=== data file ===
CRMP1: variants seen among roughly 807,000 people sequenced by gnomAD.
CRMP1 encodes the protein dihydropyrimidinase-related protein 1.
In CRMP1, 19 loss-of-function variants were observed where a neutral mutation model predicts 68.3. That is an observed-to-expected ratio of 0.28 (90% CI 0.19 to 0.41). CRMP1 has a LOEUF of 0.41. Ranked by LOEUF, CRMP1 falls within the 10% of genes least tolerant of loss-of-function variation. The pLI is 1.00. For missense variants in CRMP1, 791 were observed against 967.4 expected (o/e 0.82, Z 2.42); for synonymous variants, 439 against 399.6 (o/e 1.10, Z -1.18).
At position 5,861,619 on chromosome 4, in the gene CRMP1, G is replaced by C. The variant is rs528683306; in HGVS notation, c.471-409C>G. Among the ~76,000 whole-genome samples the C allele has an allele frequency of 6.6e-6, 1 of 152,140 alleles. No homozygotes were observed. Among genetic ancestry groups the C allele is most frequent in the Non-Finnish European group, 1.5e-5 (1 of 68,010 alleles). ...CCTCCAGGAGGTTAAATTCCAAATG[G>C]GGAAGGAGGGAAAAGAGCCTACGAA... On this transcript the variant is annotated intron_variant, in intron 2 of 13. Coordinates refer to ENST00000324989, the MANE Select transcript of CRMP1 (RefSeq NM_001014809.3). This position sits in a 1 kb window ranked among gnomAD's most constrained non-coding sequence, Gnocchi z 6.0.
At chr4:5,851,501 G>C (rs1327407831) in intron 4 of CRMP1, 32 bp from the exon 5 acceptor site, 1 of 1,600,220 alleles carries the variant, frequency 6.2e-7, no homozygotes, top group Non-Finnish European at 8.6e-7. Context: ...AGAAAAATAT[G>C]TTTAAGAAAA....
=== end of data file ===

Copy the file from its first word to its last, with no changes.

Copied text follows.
CRMP1: variants seen among roughly 807,000 people sequenced by gnomAD.
CRMP1 encodes the protein dihydropyrimidinase-related protein 1.
In CRMP1, 19 loss-of-function variants were observed where a neutral mutation model predicts 68.3. That is an observed-to-expected ratio of 0.28 (90% CI 0.19 to 0.41). CRMP1 has a LOEUF of 0.41. Ranked by LOEUF, CRMP1 falls within the 10% of genes least tolerant of loss-of-function variation. The pLI is 1.00. For missense variants in CRMP1, 791 were observed against 967.4 expected (o/e 0.82, Z 2.42); for synonymous variants, 439 against 399.6 (o/e 1.10, Z -1.18).
At position 5,861,619 on chromosome 4, in the gene CRMP1, G is replaced by C. The variant is rs528683306; in HGVS notation, c.471-409C>G. Among the ~76,000 whole-genome samples the C allele has an allele frequency of 6.6e-6, 1 of 152,140 alleles. No homozygotes were observed. Among genetic ancestry groups the C allele is most frequent in the Non-Finnish European group, 1.5e-5 (1 of 68,010 alleles). ...CCTCCAGGAGGTTAAATTCCAAATG[G>C]GGAAGGAGGGAAAAGAGCCTACGAA... On this transcript the variant is annotated intron_variant, in intron 2 of 13. Coordinates refer to ENST00000324989, the MANE Select transcript of CRMP1 (RefSeq NM_001014809.3). This position sits in a 1 kb window ranked among gnomAD's most constrained non-coding sequence, Gnocchi z 6.0.
At chr4:5,851,501 G>C (rs1327407831) in intron 4 of CRMP1, 32 bp from the exon 5 acceptor site, 1 of 1,600,220 alleles carries the variant, frequency 6.2e-7, no homozygotes, top group Non-Finnish European at 8.6e-7. Context: ...AGAAAAATAT[G>C]TTTAAGAAAA....